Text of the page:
So, Mac + iPod users are in the interesting position of being considered second class citizens by Apple, the maker of the Macintosh no less, as Mac users are being forced to pay extra for the superior FireWire connectivity that our iPods would naturally utilize to connect to our Macs. Because more Windows users buy iPods than Mac users, the iPod’s connectivity is being dumbed down to match Wintel PC’s second-rate “standards.” Enjoy!
What’s next, Apple, building Windows key support into iTunes and forcing Mac users to use a mapped function key on their Mac keyboards?
Note to Apple: be very careful with your Mac users. Do not force Mac users into substandard “solutions” just because that’s what the majority of Wintel PC users happen to be stuck with or “tax” Mac users an extra $20 because we want to use the better, Apple-invented connectivity solution that’s built into our better, Apple-invented Mac computers. Apple, you should allow users to choose between FireWire or USB 2.0 cables at the point of purchase, at least at your online store. We Mac users have been treated as second class citizens for years from most other tech companies, do we now have to endure being treated that way by Apple, too? Remember the people that kept your company going for many bleak years. Mac users are watching what you do and how you treat us now very, very closely. — MacDailyNews, February 23, 2005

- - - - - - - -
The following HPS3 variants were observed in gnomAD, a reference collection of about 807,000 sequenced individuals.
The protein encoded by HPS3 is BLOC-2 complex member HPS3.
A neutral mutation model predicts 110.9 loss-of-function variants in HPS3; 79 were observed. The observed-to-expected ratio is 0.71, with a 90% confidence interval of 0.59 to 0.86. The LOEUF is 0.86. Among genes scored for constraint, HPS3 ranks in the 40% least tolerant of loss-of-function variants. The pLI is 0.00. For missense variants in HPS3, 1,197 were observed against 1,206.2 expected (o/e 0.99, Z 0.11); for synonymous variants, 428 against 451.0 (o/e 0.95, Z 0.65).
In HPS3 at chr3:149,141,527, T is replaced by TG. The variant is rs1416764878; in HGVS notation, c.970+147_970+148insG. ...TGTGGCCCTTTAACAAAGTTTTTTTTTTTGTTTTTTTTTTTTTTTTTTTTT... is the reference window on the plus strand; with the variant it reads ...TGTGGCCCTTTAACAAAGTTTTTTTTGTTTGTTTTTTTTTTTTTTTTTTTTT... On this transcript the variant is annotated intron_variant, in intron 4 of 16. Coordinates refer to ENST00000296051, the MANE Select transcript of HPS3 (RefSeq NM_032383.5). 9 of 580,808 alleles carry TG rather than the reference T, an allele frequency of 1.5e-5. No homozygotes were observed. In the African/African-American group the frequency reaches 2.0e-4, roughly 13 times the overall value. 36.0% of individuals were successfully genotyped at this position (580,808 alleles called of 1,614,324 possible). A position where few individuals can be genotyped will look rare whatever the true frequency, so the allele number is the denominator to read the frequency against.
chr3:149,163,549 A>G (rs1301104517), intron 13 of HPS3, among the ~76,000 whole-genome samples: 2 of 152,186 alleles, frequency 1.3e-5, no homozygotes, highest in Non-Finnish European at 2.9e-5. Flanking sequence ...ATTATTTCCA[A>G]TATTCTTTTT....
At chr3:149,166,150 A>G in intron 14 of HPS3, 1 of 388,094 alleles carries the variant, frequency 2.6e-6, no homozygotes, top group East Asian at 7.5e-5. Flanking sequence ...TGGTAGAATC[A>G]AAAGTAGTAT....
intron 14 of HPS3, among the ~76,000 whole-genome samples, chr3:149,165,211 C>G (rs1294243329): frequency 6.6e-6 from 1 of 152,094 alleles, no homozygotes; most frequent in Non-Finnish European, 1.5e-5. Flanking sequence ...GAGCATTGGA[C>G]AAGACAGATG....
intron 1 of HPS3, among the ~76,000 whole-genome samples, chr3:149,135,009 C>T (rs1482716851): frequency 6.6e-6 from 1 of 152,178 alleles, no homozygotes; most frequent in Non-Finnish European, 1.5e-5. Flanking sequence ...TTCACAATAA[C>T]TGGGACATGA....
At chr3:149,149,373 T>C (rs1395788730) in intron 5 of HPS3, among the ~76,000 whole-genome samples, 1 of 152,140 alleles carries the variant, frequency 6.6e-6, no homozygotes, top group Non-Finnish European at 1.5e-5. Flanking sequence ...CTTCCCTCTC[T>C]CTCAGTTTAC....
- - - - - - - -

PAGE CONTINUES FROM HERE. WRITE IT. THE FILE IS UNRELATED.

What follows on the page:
1394 Trade Association trumpets FireWire’s advantages as ‘greenest’ interface – March 16, 2009
1394 Trade Association: FireWire’s strong presence in notebooks, storage, more points to growth – November 12, 2008
Online petition asks Apple to add FireWire port to MacBook – October 20, 2008
Apple MacBook’s lack of FireWire shouldn’t be considered a deal-breaker – October 17, 2008
Apple CEO Steve Jobs reportedly responds to Mac user’s outrage over new MacBook’s missing FireWire – October 17, 2008
Some Mac users rage over new MacBook’s missing FireWire – October 16, 2008
Wired claims that ‘Apple quietly kills FireWire 400’ when they haven’t – October 15, 2008
New version of IEEE 1394 standard approved; provides for FireWire speeds up to 3.2 Gigabit/second – July 31, 2008
FireWire to Apple: why have you forsaken me? (part II) – December 09, 2005
FireWire to Apple: why have you forsaken me? – September 09, 2005
Apple disrespects its own Mac users with iPod’s FireWire fiasco – February 24, 2005
Apple should include a combo FireWire and USB 2.0 cable in every iPod box – February 24, 2005
Apple knifing its own FireWire baby by pushing USB 2.0 as iPod’s primary connectivity option – February 23, 2005
Petition to Apple for iPod FireWire support posted online – February 23, 2005
TechWeb: Apple’s FireWire ‘has beat off USB and is poised to break out this year’ – March 19, 2004
FireWire faster than USB 2.0; newer FireWire 800 beats both handily – February 27, 2004